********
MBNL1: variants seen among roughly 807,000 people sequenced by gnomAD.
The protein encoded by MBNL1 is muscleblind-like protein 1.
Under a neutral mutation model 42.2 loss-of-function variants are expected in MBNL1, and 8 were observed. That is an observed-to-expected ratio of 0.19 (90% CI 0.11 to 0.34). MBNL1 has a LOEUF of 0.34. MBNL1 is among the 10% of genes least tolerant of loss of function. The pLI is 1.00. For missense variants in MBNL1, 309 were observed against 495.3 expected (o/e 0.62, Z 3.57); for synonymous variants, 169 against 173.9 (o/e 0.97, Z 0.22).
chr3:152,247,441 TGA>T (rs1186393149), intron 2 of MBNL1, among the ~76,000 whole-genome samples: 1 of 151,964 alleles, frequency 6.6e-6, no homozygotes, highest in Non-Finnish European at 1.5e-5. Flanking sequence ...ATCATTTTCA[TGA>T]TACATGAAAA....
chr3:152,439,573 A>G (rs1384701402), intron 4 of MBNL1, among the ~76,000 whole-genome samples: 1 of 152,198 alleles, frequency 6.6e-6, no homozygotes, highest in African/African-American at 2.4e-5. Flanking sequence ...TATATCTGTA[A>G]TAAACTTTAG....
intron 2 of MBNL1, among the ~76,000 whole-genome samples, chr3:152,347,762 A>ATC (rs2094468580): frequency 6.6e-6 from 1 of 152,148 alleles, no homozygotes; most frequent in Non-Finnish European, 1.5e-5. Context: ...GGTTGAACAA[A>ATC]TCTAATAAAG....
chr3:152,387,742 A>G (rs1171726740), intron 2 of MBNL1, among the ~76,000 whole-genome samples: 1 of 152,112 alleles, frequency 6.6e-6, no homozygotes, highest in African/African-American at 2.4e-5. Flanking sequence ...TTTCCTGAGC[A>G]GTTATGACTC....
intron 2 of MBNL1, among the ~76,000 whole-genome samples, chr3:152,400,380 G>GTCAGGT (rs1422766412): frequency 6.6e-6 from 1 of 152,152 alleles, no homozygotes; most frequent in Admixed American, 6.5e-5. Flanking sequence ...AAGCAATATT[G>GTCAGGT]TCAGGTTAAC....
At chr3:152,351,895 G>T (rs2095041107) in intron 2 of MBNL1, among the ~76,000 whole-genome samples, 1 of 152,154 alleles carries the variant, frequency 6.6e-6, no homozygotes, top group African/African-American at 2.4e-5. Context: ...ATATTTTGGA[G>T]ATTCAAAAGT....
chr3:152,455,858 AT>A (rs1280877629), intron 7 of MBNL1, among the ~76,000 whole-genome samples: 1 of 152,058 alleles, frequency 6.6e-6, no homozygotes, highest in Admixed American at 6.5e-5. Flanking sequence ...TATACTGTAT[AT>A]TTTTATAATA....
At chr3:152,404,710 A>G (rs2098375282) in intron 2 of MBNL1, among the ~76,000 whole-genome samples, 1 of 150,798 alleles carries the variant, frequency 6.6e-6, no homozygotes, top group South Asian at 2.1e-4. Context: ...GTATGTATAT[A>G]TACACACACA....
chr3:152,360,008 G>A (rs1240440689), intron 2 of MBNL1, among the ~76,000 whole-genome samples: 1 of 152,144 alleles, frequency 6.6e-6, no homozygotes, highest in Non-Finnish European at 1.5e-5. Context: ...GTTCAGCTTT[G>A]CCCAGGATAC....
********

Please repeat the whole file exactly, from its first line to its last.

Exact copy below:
MBNL1: variants seen among roughly 807,000 people sequenced by gnomAD.
The protein encoded by MBNL1 is muscleblind-like protein 1.
Under a neutral mutation model 42.2 loss-of-function variants are expected in MBNL1, and 8 were observed. That is an observed-to-expected ratio of 0.19 (90% CI 0.11 to 0.34). MBNL1 has a LOEUF of 0.34. MBNL1 is among the 10% of genes least tolerant of loss of function. The pLI is 1.00. For missense variants in MBNL1, 309 were observed against 495.3 expected (o/e 0.62, Z 3.57); for synonymous variants, 169 against 173.9 (o/e 0.97, Z 0.22).
chr3:152,247,441 TGA>T (rs1186393149), intron 2 of MBNL1, among the ~76,000 whole-genome samples: 1 of 151,964 alleles, frequency 6.6e-6, no homozygotes, highest in Non-Finnish European at 1.5e-5. Flanking sequence ...ATCATTTTCA[TGA>T]TACATGAAAA....
chr3:152,439,573 A>G (rs1384701402), intron 4 of MBNL1, among the ~76,000 whole-genome samples: 1 of 152,198 alleles, frequency 6.6e-6, no homozygotes, highest in African/African-American at 2.4e-5. Flanking sequence ...TATATCTGTA[A>G]TAAACTTTAG....
intron 2 of MBNL1, among the ~76,000 whole-genome samples, chr3:152,347,762 A>ATC (rs2094468580): frequency 6.6e-6 from 1 of 152,148 alleles, no homozygotes; most frequent in Non-Finnish European, 1.5e-5. Context: ...GGTTGAACAA[A>ATC]TCTAATAAAG....
chr3:152,387,742 A>G (rs1171726740), intron 2 of MBNL1, among the ~76,000 whole-genome samples: 1 of 152,112 alleles, frequency 6.6e-6, no homozygotes, highest in African/African-American at 2.4e-5. Flanking sequence ...TTTCCTGAGC[A>G]GTTATGACTC....
intron 2 of MBNL1, among the ~76,000 whole-genome samples, chr3:152,400,380 G>GTCAGGT (rs1422766412): frequency 6.6e-6 from 1 of 152,152 alleles, no homozygotes; most frequent in Admixed American, 6.5e-5. Flanking sequence ...AAGCAATATT[G>GTCAGGT]TCAGGTTAAC....
At chr3:152,351,895 G>T (rs2095041107) in intron 2 of MBNL1, among the ~76,000 whole-genome samples, 1 of 152,154 alleles carries the variant, frequency 6.6e-6, no homozygotes, top group African/African-American at 2.4e-5. Context: ...ATATTTTGGA[G>T]ATTCAAAAGT....
chr3:152,455,858 AT>A (rs1280877629), intron 7 of MBNL1, among the ~76,000 whole-genome samples: 1 of 152,058 alleles, frequency 6.6e-6, no homozygotes, highest in Admixed American at 6.5e-5. Flanking sequence ...TATACTGTAT[AT>A]TTTTATAATA....
At chr3:152,404,710 A>G (rs2098375282) in intron 2 of MBNL1, among the ~76,000 whole-genome samples, 1 of 150,798 alleles carries the variant, frequency 6.6e-6, no homozygotes, top group South Asian at 2.1e-4. Context: ...GTATGTATAT[A>G]TACACACACA....
chr3:152,360,008 G>A (rs1240440689), intron 2 of MBNL1, among the ~76,000 whole-genome samples: 1 of 152,144 alleles, frequency 6.6e-6, no homozygotes, highest in Non-Finnish European at 1.5e-5. Context: ...GTTCAGCTTT[G>A]CCCAGGATAC....